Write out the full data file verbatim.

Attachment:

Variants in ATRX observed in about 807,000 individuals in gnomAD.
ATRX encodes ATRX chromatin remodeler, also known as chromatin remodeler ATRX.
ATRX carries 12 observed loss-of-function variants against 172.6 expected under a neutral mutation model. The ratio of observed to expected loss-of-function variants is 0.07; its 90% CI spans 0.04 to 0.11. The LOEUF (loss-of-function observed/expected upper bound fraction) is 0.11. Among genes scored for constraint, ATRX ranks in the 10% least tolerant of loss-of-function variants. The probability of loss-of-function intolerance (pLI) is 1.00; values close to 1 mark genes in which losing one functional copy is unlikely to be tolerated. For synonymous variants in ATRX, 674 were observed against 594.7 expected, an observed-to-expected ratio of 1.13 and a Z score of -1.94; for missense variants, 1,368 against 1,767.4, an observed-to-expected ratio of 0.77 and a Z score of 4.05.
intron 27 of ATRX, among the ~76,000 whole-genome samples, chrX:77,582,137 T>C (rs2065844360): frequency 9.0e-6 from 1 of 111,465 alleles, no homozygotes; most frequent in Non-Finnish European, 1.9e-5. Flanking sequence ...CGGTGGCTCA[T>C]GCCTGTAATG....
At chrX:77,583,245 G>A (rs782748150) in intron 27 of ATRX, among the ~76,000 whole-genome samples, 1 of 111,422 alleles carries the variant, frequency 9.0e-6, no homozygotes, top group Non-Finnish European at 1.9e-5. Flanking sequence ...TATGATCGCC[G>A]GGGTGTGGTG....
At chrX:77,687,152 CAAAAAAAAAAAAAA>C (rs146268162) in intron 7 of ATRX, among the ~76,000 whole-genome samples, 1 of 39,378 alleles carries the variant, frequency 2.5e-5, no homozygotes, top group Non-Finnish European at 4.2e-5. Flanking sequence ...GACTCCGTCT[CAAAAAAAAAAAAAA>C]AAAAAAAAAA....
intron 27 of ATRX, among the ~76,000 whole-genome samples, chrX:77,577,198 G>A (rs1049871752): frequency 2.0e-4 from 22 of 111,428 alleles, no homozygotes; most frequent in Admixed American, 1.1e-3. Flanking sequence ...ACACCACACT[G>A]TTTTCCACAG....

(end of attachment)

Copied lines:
Variants in ATRX observed in about 807,000 individuals in gnomAD.
ATRX encodes ATRX chromatin remodeler, also known as chromatin remodeler ATRX.
ATRX carries 12 observed loss-of-function variants against 172.6 expected under a neutral mutation model. The ratio of observed to expected loss-of-function variants is 0.07; its 90% CI spans 0.04 to 0.11. The LOEUF (loss-of-function observed/expected upper bound fraction) is 0.11. Among genes scored for constraint, ATRX ranks in the 10% least tolerant of loss-of-function variants. The probability of loss-of-function intolerance (pLI) is 1.00; values close to 1 mark genes in which losing one functional copy is unlikely to be tolerated. For synonymous variants in ATRX, 674 were observed against 594.7 expected, an observed-to-expected ratio of 1.13 and a Z score of -1.94; for missense variants, 1,368 against 1,767.4, an observed-to-expected ratio of 0.77 and a Z score of 4.05.
intron 27 of ATRX, among the ~76,000 whole-genome samples, chrX:77,582,137 T>C (rs2065844360): frequency 9.0e-6 from 1 of 111,465 alleles, no homozygotes; most frequent in Non-Finnish European, 1.9e-5. Flanking sequence ...CGGTGGCTCA[T>C]GCCTGTAATG....
At chrX:77,583,245 G>A (rs782748150) in intron 27 of ATRX, among the ~76,000 whole-genome samples, 1 of 111,422 alleles carries the variant, frequency 9.0e-6, no homozygotes, top group Non-Finnish European at 1.9e-5. Flanking sequence ...TATGATCGCC[G>A]GGGTGTGGTG....
At chrX:77,687,152 CAAAAAAAAAAAAAA>C (rs146268162) in intron 7 of ATRX, among the ~76,000 whole-genome samples, 1 of 39,378 alleles carries the variant, frequency 2.5e-5, no homozygotes, top group Non-Finnish European at 4.2e-5. Flanking sequence ...GACTCCGTCT[CAAAAAAAAAAAAAA>C]AAAAAAAAAA....
intron 27 of ATRX, among the ~76,000 whole-genome samples, chrX:77,577,198 G>A (rs1049871752): frequency 2.0e-4 from 22 of 111,428 alleles, no homozygotes; most frequent in Admixed American, 1.1e-3. Flanking sequence ...ACACCACACT[G>A]TTTTCCACAG....